As we get older, it’s easy to feel isolated. We know that a sense of community and connection is pivotal for the health and wellness of seniors, but how to maintain that sense of community when living alone is a difficult conundrum. As we navigate critical public health issues and an uncertain future, it is even more important to stay connected with family and loved ones – near and far.
Even before the pandemic, having a consistent routine of checking in with family and friends was difficult! Adult children have families of their own and are often juggling multiple schedules, and many seniors report feeling concerned about “burdening” their friends. But reaching out, especially during tough times, is vital for our emotional health. In addition, aside from the important emotional benefits of staying in touch, there are myriad long term health benefits. Keeping in contact with loved ones promotes:
- Healthy blood pressure levels
- A strong immune system
- Cognitive function
- Reduced risk of heart disease, obesity, and mobility issues
- Overall longevity
The question, then, isn’t whether you should spend time with family and friends, but how. Luckily, we live in a time when we have a variety of options for connecting from afar. Here are five tips for staying connected with loved ones even when you can’t be together physically.
- Bring back love letters! And not just for romance. There is something so unique about handwritten letters; they can turn mundane content like a description of your daily walk or a recipe into something elegant and treasured. Letter writing is a dying art, and a letter is a gift your friends and family will cherish forever.
- Have a high-tech hangout. With tech tools like FaceTime, Facebook Messenger, Skype, Zoom, and Whatsapp, families and friends can connect through video calls across the globe. FaceTime video calling is built into iPhones, and the other platforms are free to use with an account.
- Collaborate on a weekly happy hour. Schedule a regular time to “hang out” with your friends using one of those video calling platforms, and try something new! Maybe you can all try out a new recipe together, or collaborate on a crossword puzzle. Some video call platforms even have games built in, like virtual charades or hangman.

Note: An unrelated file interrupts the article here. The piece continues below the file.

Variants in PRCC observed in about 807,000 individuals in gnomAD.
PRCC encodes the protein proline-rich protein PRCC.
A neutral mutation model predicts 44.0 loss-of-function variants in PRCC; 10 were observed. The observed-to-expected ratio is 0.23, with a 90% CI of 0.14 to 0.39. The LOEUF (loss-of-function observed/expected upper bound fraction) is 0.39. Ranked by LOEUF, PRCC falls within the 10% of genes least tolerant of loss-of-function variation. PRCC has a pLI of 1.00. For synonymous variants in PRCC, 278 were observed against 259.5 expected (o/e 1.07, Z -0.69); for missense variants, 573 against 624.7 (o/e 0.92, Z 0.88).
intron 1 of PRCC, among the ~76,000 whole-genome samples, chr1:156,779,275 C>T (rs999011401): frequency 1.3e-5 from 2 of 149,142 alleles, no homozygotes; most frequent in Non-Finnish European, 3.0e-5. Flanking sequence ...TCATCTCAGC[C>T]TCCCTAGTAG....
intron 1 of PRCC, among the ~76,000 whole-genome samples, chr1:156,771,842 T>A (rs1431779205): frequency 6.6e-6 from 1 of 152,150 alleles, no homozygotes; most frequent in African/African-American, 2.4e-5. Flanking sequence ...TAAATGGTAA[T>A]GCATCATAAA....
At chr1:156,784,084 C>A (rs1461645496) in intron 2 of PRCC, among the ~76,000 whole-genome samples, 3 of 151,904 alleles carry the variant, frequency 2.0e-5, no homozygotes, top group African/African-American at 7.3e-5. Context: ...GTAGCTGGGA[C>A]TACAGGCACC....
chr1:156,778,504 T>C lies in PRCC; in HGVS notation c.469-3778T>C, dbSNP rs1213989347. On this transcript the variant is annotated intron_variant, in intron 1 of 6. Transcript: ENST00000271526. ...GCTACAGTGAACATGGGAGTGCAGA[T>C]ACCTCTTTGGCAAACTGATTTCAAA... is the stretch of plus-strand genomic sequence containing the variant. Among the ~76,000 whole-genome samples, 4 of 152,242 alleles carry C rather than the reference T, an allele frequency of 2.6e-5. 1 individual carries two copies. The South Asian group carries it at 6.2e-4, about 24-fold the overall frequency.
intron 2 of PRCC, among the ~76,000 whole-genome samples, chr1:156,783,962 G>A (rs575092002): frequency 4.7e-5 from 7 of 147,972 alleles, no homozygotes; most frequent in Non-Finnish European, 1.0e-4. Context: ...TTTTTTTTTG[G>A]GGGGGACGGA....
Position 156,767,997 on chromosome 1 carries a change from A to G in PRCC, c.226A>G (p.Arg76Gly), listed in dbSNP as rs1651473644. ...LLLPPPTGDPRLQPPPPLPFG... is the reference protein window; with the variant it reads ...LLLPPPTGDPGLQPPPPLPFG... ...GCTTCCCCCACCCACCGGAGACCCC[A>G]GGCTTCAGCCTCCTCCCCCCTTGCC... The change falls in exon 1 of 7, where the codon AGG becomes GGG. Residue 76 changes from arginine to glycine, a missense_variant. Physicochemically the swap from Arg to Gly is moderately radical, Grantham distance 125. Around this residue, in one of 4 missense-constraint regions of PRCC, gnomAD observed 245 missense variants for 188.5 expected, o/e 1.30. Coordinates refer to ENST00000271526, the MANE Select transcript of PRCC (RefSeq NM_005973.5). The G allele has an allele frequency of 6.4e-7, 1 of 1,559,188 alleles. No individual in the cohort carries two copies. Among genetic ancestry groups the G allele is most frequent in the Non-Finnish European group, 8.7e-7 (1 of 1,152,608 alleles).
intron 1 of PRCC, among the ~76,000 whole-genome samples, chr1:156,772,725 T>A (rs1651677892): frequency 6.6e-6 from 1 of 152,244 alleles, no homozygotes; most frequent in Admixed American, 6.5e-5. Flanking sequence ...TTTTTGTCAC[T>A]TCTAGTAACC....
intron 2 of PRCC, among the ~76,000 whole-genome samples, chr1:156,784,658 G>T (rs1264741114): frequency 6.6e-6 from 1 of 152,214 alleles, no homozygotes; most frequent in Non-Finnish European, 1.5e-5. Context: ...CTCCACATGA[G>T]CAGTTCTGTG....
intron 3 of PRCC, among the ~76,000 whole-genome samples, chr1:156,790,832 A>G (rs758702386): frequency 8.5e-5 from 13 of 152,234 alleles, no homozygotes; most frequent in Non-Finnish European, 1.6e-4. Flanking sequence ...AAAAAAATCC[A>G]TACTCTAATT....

- Email. Much like the romance of a letter, but faster. It’s also easy to attach photographs to an email, which adds a visual component that makes you feel even more connected.
- Take a virtual vacation. Sure, most of us aren’t traveling right now. But because of the pandemic, many world-class destinations like museums and national parks are offering free, virtual tours. You can call up a friend and explore together from the safety of your own homes!
Tools of the Trade
While technology is expensive it is worth splurging on as a way to keep in touch with loved ones. You don’t need to have the newest, fanciest tech gear, but it is helpful to have these basics:
- A smartphone. They’re not only great for phone calls with high-quality sound – most smartphones have video call capabilities built in, or are powerful enough to host some of the platforms for video chatting in mobile format. Also, smartphones nowadays have really powerful cameras – great for snapping and sharing memorable moments!
- A computer or tablet. These are the best options for video calling – they offer a stable, high resolution picture which means you can actually see the smiles on the faces of your favorite people. These tools aren’t cheap, but by shopping around you can find one that fits your needs and your price range.
- High quality WiFi. Probably the most important aspect of all. If you reside in an assisted or community living situation, it is likely they have high speed WiFi to accommodate multiple residents and their guests. If not, make sure you’re up-to-date with your local provider. You can always call your provider to ask about upgrading your plan to fit your needs – many have offered free or discounted upgrades due to the pandemic.
What matters more than the tools or the tech is the frequency with which you check in with your loved ones. Whether it’s daily, weekly, or monthly, establishing regular lines of communication will help keep up the routine, and bring a sense of normalcy during a strange and scary time. The pandemic has created an even greater sense of isolation for many folks, and that isolation is often accompanied by stress, anxiety, and a feeling of hopelessness. Being connected to your community of loved ones isn’t going to solve all of the problems we’re facing, but it can make you feel better and give you something to look forward to. It’s always a good time to reach out!